"Your presence is all I need 
It's all I want, all I seek 
Without it, without it there's no meaning "

With all my love,
Sarah Mae Bowman

Thursday, June 28, 2012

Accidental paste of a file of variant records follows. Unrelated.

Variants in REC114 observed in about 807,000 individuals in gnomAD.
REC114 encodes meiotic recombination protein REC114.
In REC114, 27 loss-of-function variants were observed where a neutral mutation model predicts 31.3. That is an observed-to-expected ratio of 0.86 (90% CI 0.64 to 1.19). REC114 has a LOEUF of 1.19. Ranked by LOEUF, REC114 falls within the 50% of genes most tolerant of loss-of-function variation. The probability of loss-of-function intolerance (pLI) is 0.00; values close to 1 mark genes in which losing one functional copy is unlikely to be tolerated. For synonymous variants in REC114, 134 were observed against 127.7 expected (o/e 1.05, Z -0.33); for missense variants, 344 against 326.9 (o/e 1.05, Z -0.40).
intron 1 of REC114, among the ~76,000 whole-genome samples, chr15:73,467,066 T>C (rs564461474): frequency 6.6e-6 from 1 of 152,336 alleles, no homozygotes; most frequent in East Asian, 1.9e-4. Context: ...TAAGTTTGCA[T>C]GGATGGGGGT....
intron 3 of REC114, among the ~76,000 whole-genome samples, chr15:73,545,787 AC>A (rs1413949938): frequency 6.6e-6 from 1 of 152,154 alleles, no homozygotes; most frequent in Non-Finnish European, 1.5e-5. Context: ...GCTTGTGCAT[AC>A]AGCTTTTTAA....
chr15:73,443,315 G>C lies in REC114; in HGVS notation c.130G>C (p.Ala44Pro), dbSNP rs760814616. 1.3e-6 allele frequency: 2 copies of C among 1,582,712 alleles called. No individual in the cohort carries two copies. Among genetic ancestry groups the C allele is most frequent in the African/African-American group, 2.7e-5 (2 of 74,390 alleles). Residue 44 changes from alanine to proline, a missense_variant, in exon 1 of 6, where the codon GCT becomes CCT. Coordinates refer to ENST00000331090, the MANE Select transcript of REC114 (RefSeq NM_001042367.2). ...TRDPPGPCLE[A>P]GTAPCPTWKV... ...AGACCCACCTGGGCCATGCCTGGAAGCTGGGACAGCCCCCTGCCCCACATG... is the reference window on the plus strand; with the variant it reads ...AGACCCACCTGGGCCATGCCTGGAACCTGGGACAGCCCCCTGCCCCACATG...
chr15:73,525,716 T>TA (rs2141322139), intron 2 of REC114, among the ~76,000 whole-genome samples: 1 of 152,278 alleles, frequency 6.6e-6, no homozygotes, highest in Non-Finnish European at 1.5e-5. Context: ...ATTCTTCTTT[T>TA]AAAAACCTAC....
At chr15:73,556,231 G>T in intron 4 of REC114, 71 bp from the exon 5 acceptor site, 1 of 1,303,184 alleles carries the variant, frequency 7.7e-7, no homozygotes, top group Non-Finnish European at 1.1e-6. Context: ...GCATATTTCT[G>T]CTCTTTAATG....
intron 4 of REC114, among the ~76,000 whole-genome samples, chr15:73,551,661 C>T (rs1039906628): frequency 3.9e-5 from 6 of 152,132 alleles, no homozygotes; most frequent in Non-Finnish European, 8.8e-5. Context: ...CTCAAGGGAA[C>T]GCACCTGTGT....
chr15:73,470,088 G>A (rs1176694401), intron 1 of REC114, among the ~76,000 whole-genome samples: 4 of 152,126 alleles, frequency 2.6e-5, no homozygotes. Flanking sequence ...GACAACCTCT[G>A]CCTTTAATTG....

Last Saturday after meeting with some friends I walked my normal route to catch a taxi home. It is a place in town that is heavily populated with mzungus (white people) because it is just down the road from the local mall, a place where you can find nice American food. There is a certain spot on the street where many people beg from. As a Westerner in Uganda I hear shouts requesting money almost daily but on this certain day I just couldn't walk by without stopping. A young lady holding a baby boy called out to me and after walking a few steps past them something in me forced me to stop. I went over to talk to this woman. Her name was Sarah. As they say here in Uganda, she is my namesake. She was in a wheelchair and she informed me that she was paralyzed from the waist down, which happened to her after an encounter with a witch doctor. Her baby is a sweet seven month old boy named Moses. We only talked a few minutes about where she stayed, how she was surviving, and if she had a church or organization supporting her. I left without giving her anything. It is a hard situation being here in a place with so much need. We tend to just want to hand out material goods, but in the long run this does absolutely nothing to help. She needs a job. A way to support herself and her son.